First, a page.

Looking Ahead to the 2015 FIBA Asia Championship
Come late September, the best of the Asian region will once again clash on the hardwood. Gilas Pilipinas takes another shot at basketball supremacy in the 2015 FIBA Asia Championship for Men, which will run from September 23 to October 3 in Changsha, China.
By finishing second in the 2013 games, the Philippine basketball team shows promise that it's on its way to the top. This tournament serves as a doorway for Gilas to compete again in the international scene and prove to other nations that their run in the FIBA World Cup was not a one-and-done deal.
As stated by FIBA officials and the International Olympic Committee in the qualification quota, the winner of this tournament qualifies for the 2016 Summer Olympics in Rio de Janeiro, Brazil. Winning silver again, or bronze, puts Gilas in a much tougher situation as they need to play through a qualifying tournament.
After reaching the semi-final round in 2013, Gilas qualified at FIBA Asia as one of the four Pot 1 (seeded) teams. This puts them in a good position to avoid other seeded squads Iran, South Korea, and Chinese Taipei in the tournament's first round. As a Pot 3 (host) team, China automatically qualifies.
The other 11 nations or Pot 2 (unseeded) teams include Japan, Jordan, Kazakhstan, Kuwait, Lebanon, Qatar, Malaysia, Singapore, India, Hong Kong, and first-timer Palestine.
Not Underrating the "Easy" Group
On June 27, FIBA held the draw to determine the grouping of teams. Gilas landed in Group B along with Palestine, Kuwait, and Hong Kong. Though many touted this group as the "easiest" for Pot 1 teams, national squad head coach Tab Baldwin said that he won't underestimate any opponent.
Baldwin is familiar with international tournaments, having coached other national teams like New Zealand, Jordan, Lebanon, and Malaysia. His experience abroad makes him wary that any team, regardless of its FIBA ranking, has a chance to catch opponents by surprise and score an upset. Winning each and every game is important to build momentum and have a better chance to reach the 2016 Rio Olympics.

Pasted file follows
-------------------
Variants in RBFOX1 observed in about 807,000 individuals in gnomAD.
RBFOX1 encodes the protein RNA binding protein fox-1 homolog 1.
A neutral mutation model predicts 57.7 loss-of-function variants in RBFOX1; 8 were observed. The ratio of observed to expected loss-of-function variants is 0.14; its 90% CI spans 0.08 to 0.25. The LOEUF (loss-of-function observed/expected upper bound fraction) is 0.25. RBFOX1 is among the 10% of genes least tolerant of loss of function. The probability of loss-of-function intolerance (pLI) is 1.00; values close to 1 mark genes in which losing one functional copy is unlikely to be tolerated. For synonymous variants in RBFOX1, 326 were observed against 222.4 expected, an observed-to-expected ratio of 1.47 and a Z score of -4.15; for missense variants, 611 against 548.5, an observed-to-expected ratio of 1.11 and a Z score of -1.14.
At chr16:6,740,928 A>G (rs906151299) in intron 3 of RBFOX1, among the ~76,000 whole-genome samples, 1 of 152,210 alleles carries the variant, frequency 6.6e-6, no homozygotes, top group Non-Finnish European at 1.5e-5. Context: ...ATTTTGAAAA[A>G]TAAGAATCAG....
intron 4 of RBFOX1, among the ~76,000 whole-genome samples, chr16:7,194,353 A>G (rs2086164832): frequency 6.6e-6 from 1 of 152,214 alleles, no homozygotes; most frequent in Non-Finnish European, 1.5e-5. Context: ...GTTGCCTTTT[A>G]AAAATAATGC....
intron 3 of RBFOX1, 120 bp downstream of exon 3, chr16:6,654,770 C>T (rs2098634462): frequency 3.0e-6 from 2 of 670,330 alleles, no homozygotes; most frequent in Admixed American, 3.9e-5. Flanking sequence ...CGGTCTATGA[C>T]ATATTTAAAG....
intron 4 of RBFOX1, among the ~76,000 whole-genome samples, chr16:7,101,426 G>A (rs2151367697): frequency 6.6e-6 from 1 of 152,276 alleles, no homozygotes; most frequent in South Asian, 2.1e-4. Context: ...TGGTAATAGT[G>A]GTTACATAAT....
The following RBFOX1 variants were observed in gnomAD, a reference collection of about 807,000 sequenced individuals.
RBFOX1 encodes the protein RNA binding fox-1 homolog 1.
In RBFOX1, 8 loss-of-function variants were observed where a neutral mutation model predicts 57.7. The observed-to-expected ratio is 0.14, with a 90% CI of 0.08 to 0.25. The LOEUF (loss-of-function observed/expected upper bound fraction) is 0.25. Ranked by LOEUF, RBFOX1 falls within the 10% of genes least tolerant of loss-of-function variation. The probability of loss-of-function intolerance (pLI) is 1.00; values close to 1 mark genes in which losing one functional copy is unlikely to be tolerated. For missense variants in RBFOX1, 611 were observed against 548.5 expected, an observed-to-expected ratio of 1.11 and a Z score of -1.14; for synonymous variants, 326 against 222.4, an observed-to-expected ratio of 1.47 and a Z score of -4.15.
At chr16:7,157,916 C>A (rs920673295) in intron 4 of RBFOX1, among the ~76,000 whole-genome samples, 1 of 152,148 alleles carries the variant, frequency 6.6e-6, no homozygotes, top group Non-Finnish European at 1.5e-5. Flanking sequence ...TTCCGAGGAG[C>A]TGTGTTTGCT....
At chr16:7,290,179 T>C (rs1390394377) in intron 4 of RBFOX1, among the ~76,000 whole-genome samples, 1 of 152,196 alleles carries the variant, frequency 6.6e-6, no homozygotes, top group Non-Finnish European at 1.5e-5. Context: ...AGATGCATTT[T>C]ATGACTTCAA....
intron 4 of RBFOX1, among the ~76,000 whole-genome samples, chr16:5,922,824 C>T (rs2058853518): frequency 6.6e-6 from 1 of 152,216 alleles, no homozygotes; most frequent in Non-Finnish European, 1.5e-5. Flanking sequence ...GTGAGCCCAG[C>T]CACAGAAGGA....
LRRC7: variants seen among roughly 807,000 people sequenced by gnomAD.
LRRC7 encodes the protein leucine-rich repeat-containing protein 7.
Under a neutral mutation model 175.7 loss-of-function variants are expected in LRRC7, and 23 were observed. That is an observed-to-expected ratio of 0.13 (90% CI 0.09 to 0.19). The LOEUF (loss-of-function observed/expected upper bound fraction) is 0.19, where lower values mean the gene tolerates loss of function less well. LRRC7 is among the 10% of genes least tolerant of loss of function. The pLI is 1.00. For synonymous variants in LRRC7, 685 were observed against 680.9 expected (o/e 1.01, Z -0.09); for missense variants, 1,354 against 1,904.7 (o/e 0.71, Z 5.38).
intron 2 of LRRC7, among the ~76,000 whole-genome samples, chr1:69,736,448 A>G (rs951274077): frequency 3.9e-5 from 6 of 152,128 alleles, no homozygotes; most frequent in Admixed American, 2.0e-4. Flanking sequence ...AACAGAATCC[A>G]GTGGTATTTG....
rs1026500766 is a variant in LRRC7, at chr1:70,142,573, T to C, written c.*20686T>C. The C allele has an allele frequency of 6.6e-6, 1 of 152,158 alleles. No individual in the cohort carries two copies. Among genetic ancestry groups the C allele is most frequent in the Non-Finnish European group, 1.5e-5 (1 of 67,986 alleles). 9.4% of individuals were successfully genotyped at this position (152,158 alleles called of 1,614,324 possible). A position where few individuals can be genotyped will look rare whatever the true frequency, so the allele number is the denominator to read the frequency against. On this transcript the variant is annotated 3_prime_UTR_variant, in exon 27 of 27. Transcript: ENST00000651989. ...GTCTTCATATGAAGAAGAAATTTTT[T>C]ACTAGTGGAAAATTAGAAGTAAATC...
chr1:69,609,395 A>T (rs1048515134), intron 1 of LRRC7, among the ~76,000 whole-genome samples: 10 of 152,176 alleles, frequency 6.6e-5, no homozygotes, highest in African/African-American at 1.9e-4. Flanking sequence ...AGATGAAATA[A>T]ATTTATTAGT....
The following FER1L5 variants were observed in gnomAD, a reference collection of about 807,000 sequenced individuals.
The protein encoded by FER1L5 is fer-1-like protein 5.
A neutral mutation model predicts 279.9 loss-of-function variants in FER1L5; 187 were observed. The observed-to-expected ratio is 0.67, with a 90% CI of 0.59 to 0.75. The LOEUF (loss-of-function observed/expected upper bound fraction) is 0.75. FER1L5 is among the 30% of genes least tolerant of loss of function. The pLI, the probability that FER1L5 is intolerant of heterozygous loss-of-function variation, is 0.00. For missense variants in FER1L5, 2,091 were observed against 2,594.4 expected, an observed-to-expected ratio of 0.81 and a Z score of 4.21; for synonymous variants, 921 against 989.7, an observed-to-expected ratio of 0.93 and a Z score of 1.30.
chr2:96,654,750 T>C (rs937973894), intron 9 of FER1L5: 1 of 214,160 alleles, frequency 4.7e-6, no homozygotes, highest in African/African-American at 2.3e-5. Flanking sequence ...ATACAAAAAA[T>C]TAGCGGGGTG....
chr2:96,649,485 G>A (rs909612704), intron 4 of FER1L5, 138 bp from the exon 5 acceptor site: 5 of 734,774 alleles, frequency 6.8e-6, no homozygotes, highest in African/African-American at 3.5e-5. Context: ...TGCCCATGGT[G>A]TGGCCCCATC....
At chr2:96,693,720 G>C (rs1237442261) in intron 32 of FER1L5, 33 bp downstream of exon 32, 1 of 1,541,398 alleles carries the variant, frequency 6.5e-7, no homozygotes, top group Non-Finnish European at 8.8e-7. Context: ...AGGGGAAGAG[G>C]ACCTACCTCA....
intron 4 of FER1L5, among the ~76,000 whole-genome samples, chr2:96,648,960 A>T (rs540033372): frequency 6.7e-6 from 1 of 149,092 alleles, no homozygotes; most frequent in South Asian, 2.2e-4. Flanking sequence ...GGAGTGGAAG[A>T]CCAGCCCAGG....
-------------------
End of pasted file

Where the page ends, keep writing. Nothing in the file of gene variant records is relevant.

The Gilas coach speaks of his personal experience. Baldwin led the New Zealand squad in the 2002 FIBA World Cup though they were considered the underdog against Australia. The team even went as far as the semi-final round of the tournament in Indianapolis. At the 2011 FIBA Asia, he coached a Jordan team that upset the defending champions Iran in the quarterfinals.
Hoping for the Best, but Expecting the Worst
Gilas surprised the world with their performance in last year's World Cup, making them a favorite to win it all in Group B. Looking at how things went for the squad last year, the Philippines has a good chance to advance further in the tournament, and the addition of Andray Blatche makes it more possible.
Last year, the team fielded in Marcus Douthit as a naturalized player. But this year, Baldwin sees Blatche as a more fitting cager to suit up for Gilas given his performance in the World Cup, leading the tournament in rebounds (13.8 per game) and tied for second in points (21.2 per game).
The team can also use his knowledge of China's play as he recently suited up for the Xinjiang Flying Tigers in the CBA. Should the Gilas face China in the tournament, Blatche's familiarity with their style of play and some of their players makes it easier for Baldwin to draw up a strategy.
A lot of experts say that Blatche may opt out of the team in the FIBA Asia Cup. Baldwin, however, believes that the naturalized Filipino center from the U.S. does not have any reason not to play. He said that he spoke with Blatche and that the former NBA cager is 100% committed to the team.
Weighing in on the Challenges Ahead
Iran is still the team to beat in the tournament, with China and South Korea being threats as well. With the return of Fadi El Khatib, Lebanon may also rise again. Though it's their first time to qualify in the FIBA Asia Cup, Palestine looks promising. Jordan, coached by former Gilas mentor Rajko Toroman, can be a sleeper in the tournament should three of their stars join the squad in September.
For the Filipino nation, we can only hope for the best in the 2015 FIBA Asia Championships. Gilas won't have the home court advantage that they had last year, although every Pinoy around the world will surely support the squad throughout the tournament.